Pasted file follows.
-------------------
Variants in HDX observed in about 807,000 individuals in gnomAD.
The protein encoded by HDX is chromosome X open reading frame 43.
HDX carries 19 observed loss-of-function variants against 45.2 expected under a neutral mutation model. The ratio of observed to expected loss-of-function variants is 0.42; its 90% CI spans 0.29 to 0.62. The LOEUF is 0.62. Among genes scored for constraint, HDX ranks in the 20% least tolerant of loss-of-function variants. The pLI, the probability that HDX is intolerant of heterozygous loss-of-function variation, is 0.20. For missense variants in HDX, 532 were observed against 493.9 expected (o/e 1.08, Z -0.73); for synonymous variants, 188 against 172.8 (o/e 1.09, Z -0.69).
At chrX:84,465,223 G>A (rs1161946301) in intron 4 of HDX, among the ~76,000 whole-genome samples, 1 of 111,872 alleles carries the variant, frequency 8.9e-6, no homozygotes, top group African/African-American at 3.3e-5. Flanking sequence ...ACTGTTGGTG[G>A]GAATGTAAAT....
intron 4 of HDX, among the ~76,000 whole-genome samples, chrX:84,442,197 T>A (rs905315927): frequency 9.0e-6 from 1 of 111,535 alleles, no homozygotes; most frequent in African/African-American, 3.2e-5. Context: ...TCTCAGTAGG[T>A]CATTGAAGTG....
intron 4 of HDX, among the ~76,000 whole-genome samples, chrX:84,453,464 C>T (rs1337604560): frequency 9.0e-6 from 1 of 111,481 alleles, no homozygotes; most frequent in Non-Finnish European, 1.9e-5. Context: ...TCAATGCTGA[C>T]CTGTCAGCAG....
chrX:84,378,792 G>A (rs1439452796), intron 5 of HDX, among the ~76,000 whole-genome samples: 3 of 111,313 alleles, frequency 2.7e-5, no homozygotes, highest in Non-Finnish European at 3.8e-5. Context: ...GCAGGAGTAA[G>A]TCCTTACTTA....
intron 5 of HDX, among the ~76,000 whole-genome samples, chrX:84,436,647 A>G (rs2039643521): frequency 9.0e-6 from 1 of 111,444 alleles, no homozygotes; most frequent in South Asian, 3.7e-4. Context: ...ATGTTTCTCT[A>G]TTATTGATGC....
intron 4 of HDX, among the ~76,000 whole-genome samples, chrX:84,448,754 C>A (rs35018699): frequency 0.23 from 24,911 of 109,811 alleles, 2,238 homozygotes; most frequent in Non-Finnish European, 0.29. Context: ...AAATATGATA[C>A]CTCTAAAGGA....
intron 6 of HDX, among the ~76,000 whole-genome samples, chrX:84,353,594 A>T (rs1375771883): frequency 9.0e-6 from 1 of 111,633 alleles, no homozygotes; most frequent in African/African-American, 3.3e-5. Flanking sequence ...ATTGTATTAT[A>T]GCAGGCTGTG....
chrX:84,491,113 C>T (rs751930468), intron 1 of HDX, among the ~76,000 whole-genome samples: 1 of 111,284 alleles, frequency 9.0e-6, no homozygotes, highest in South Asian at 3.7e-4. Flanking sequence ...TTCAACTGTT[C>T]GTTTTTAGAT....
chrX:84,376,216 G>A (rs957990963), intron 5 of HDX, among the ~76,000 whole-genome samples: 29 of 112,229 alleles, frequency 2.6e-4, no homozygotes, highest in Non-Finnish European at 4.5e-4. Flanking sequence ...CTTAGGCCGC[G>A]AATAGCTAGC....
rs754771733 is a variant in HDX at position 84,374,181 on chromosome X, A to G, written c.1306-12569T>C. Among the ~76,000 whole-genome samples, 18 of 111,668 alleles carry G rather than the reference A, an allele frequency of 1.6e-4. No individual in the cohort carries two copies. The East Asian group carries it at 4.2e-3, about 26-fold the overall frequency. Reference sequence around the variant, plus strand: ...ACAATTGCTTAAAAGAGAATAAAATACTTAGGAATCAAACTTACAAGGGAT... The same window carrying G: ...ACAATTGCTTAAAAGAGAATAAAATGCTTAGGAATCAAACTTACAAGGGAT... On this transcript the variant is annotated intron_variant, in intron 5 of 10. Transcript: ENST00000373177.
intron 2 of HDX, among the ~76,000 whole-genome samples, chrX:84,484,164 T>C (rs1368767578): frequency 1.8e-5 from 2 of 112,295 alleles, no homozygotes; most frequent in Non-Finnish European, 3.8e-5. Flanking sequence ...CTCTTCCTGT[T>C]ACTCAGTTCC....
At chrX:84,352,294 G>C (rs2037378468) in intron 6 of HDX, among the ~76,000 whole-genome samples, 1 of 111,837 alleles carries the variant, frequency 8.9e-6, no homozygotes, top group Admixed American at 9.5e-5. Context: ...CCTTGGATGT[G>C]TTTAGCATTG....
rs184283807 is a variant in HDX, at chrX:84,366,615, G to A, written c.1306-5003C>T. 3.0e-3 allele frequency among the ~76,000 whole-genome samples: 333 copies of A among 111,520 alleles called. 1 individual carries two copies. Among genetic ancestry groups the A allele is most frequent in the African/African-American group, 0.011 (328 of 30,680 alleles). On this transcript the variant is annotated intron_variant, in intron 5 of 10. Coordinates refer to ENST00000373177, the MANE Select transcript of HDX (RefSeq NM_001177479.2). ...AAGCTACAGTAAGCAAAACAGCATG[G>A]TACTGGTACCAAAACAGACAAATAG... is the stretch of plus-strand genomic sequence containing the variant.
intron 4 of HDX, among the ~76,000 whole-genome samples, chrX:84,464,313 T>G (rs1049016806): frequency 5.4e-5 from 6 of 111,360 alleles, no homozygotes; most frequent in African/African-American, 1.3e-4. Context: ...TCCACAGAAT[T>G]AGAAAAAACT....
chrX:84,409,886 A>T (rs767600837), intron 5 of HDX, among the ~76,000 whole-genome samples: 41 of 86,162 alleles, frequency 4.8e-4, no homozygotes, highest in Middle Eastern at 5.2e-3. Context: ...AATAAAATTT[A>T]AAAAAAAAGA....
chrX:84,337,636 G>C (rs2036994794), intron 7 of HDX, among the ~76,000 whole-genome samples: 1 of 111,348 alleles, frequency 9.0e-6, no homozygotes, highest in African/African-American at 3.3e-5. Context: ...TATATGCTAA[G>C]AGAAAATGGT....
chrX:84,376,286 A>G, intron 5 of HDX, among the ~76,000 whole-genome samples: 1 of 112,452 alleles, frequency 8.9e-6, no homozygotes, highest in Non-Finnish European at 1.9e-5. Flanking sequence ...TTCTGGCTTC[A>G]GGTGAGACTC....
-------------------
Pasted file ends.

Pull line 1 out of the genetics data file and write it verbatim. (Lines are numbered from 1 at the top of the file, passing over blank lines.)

Variants in HDX observed in about 807,000 individuals in gnomAD.